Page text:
Untangling from Cognitive Distortions, Part TWO

May 19, 2018

Yesterday, I opened the back door to the porch and this guy was RIGHT THERE! With his head in the air. Yikes. I closed the door. QUICKLY.

As I caught my breath, I realized how quickly the thought, “there’s a snake on the porch,” became a story. For those few moments, that story felt REAL!

Instead, I restored myself to calm and walked on to the porch to have a conversation with that snake….with rake in hand. I know, I know, it’s just a regular old snake. I told him how much I appreciated him taking care of the mice — but I do NOT want to share my porch with him. Could be a her.

Anyway, that thought, “there’s a snake on my porch” felt like a full story. Though I was stating a fact, it became distorted as I imagined all manner of nasty encounters with that snake – worst case scenario style. I knew it was distortion.

Helping our clients (and ourselves) recognize distortions and accept them as distortions using body awareness, exploring how thoughts feel in the body, is one way to get a little space from them.

For example, a client recently told me about feeling overwhelmed by guilt, the guilt of being a terrible father. Most days he was wandering through life carrying the thought, “I’m a terrible father.” He ruminated that thought into a full blown story. I know this man, this thought is NOT his story.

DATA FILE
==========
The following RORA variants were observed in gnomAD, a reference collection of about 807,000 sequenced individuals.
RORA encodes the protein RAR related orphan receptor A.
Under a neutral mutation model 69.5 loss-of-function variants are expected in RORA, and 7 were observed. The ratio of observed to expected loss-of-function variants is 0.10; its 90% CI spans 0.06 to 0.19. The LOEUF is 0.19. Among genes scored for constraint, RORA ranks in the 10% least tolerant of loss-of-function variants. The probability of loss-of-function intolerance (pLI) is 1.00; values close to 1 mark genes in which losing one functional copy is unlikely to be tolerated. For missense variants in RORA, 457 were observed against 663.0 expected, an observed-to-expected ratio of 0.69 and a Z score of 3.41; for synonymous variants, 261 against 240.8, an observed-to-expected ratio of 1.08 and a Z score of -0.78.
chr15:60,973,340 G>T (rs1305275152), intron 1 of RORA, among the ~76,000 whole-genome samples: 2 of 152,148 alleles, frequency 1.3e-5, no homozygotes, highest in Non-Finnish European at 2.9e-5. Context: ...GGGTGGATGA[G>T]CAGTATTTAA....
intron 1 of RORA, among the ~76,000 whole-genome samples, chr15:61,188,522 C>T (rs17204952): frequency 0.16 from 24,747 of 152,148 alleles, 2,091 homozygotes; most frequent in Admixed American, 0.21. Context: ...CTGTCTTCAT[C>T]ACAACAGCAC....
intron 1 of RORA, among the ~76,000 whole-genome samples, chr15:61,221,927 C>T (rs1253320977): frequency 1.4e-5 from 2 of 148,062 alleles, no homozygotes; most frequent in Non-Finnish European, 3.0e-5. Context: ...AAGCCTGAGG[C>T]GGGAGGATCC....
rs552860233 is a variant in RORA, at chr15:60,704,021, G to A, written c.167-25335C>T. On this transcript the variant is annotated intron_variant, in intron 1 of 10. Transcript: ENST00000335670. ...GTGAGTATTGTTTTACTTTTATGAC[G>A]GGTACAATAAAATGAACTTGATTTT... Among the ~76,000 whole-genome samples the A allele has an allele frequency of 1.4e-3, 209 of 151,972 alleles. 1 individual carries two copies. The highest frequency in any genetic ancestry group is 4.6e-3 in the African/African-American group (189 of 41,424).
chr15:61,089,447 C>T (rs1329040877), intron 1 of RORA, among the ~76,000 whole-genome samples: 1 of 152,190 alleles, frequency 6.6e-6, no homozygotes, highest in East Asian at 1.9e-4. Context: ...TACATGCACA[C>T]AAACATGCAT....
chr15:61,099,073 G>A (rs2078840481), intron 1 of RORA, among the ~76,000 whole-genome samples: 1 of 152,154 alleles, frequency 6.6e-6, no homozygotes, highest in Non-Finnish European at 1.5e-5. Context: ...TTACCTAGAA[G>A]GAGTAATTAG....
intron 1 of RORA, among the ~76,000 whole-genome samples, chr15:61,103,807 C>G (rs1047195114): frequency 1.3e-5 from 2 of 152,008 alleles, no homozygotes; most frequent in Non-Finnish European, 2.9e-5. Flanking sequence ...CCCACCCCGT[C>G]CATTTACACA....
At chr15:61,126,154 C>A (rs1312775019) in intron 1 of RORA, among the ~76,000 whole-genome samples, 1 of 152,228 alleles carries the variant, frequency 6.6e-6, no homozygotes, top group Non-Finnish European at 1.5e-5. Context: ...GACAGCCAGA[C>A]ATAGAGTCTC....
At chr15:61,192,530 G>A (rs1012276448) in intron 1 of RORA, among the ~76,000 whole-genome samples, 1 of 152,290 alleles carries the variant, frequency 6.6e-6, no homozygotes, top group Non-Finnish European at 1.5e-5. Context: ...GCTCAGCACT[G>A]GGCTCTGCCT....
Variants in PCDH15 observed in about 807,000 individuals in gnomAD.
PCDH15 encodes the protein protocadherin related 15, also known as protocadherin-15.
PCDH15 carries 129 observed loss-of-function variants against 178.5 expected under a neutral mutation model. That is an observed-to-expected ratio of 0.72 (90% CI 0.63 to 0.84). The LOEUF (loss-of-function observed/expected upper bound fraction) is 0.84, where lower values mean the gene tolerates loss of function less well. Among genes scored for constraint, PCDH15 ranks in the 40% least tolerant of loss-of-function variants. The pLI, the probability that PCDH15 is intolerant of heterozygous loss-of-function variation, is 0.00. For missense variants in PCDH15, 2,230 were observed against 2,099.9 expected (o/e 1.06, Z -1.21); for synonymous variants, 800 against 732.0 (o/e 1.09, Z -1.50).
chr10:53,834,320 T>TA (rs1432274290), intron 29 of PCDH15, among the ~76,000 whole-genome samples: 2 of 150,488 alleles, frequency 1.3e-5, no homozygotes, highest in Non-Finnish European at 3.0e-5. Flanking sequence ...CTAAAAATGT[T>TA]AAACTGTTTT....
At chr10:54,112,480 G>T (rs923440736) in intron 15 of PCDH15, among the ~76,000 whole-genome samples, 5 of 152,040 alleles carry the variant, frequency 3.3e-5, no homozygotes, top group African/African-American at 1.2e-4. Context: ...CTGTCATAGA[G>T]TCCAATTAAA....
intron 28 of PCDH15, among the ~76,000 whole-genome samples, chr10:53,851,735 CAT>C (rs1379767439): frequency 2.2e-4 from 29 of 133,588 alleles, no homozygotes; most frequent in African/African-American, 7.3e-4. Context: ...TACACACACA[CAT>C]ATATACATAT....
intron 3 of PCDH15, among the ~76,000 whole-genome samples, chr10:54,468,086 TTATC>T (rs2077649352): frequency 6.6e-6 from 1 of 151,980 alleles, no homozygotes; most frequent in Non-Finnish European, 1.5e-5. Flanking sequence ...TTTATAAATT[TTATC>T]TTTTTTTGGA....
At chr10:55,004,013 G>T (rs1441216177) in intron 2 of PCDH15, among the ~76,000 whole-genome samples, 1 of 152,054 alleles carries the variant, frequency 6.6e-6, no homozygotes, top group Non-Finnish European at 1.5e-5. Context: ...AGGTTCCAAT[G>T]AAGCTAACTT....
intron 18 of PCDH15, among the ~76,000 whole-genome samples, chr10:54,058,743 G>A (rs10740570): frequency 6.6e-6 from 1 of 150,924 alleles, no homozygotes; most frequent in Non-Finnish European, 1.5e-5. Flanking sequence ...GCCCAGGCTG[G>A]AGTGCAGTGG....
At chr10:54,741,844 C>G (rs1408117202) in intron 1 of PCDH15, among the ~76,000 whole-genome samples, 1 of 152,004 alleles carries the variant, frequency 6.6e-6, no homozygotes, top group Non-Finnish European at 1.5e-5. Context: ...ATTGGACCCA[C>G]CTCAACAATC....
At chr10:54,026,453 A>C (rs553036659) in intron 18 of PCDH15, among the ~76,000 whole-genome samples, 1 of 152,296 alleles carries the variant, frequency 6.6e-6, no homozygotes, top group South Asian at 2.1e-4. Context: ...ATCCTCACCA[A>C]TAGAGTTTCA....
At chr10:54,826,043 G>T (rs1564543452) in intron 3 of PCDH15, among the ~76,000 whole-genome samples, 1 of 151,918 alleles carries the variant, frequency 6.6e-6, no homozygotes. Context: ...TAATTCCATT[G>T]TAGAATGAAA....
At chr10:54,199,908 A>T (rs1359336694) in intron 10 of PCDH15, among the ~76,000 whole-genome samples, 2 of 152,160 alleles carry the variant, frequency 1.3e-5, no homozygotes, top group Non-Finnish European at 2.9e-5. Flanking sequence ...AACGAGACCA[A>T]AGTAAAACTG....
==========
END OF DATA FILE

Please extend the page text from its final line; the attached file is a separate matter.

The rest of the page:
My knowing this, of course, does nothing to convince him. Nor does stockpiling evidence to the contrary change the story he had going. One big obstacle, is that he BELIEVED the thought, he thought it was real AND that thought WAS his story.

I asked him to look over at Huxley, the wonderdog, napping on the floor while thinking the thought, “Huxley is napping on the floor,” and noticing how the thought felt in his body.

Does the thought feel like light air or heavy like matter?

Thoughts that are distorted FEEL like matter. While neutral thoughts feel like air.

Recognizing that he could feel the difference between the thoughts opened the door to work with the thought. He could feel the difference between thoughts in his body.

I walked him through Ivana End of Words and he neutralized the thought. “I’m a terrible father,” no longer felt heavy to him. It felt neutral, like air and just untrue. This took all of ten minutes.

This experience fueled his inspiration for home practice. He uses a variety of tools he has learned to neutralize the charged energy of distorted thinking. He is gradually establishing himself in a better state of being while untangling from cognitive distortions.

Cool, right? What’s your favorite trick for untangling from cognitive distortions? Hop over to our facebook group and share your thoughts.

Melanie McGhee Comment
Best Of 2018Cognitive DistortionsMood Disorder


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